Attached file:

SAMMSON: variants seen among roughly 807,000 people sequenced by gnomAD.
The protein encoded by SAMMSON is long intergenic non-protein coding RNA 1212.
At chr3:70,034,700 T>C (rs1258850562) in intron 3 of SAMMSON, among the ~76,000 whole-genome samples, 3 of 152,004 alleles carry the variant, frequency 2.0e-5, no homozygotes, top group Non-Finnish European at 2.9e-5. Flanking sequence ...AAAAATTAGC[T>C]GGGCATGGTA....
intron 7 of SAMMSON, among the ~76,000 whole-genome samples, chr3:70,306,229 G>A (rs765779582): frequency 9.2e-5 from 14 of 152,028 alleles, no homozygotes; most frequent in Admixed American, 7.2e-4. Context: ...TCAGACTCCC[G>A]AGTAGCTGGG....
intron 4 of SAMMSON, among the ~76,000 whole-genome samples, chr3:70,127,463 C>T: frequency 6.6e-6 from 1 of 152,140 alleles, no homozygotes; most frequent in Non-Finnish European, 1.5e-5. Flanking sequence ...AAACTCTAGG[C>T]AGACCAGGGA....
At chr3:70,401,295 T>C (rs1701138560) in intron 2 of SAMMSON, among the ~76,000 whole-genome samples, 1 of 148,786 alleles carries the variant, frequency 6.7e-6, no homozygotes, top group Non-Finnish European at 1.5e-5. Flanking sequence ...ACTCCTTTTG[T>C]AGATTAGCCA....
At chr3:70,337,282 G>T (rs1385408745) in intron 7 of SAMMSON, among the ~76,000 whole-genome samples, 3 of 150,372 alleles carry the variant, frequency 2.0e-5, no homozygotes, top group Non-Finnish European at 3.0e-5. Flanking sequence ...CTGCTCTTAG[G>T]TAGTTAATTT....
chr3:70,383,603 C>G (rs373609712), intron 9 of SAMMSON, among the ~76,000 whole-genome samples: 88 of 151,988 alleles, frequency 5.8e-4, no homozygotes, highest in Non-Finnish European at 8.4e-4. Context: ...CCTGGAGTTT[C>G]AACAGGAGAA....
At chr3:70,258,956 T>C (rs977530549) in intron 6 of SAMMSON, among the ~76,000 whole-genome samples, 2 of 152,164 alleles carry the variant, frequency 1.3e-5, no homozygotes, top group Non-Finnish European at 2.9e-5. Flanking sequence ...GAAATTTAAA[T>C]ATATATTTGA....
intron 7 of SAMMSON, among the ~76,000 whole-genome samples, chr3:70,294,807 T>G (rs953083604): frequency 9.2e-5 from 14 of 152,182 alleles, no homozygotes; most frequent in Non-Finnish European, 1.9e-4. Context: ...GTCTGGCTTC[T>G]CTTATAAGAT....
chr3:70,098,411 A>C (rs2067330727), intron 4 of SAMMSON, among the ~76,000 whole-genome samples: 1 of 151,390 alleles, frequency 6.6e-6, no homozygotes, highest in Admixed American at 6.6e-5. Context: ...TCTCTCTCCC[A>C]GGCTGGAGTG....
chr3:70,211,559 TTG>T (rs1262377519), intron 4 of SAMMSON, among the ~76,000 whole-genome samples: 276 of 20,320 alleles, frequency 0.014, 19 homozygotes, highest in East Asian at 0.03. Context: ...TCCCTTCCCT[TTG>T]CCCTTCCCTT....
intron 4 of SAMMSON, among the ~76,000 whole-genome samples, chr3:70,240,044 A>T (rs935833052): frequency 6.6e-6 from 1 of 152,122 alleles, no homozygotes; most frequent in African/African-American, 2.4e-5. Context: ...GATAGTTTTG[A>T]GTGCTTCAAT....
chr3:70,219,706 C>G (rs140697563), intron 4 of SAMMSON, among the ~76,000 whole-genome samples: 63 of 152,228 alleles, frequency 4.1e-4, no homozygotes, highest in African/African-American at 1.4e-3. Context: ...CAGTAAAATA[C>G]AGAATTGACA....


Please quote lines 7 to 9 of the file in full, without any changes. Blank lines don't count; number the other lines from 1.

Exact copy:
At chr3:70,337,282 G>T (rs1385408745) in intron 7 of SAMMSON, among the ~76,000 whole-genome samples, 3 of 150,372 alleles carry the variant, frequency 2.0e-5, no homozygotes, top group Non-Finnish European at 3.0e-5. Flanking sequence ...CTGCTCTTAG[G>T]TAGTTAATTT....
chr3:70,383,603 C>G (rs373609712), intron 9 of SAMMSON, among the ~76,000 whole-genome samples: 88 of 151,988 alleles, frequency 5.8e-4, no homozygotes, highest in Non-Finnish European at 8.4e-4. Context: ...CCTGGAGTTT[C>G]AACAGGAGAA....
At chr3:70,258,956 T>C (rs977530549) in intron 6 of SAMMSON, among the ~76,000 whole-genome samples, 2 of 152,164 alleles carry the variant, frequency 1.3e-5, no homozygotes, top group Non-Finnish European at 2.9e-5. Flanking sequence ...GAAATTTAAA[T>C]ATATATTTGA....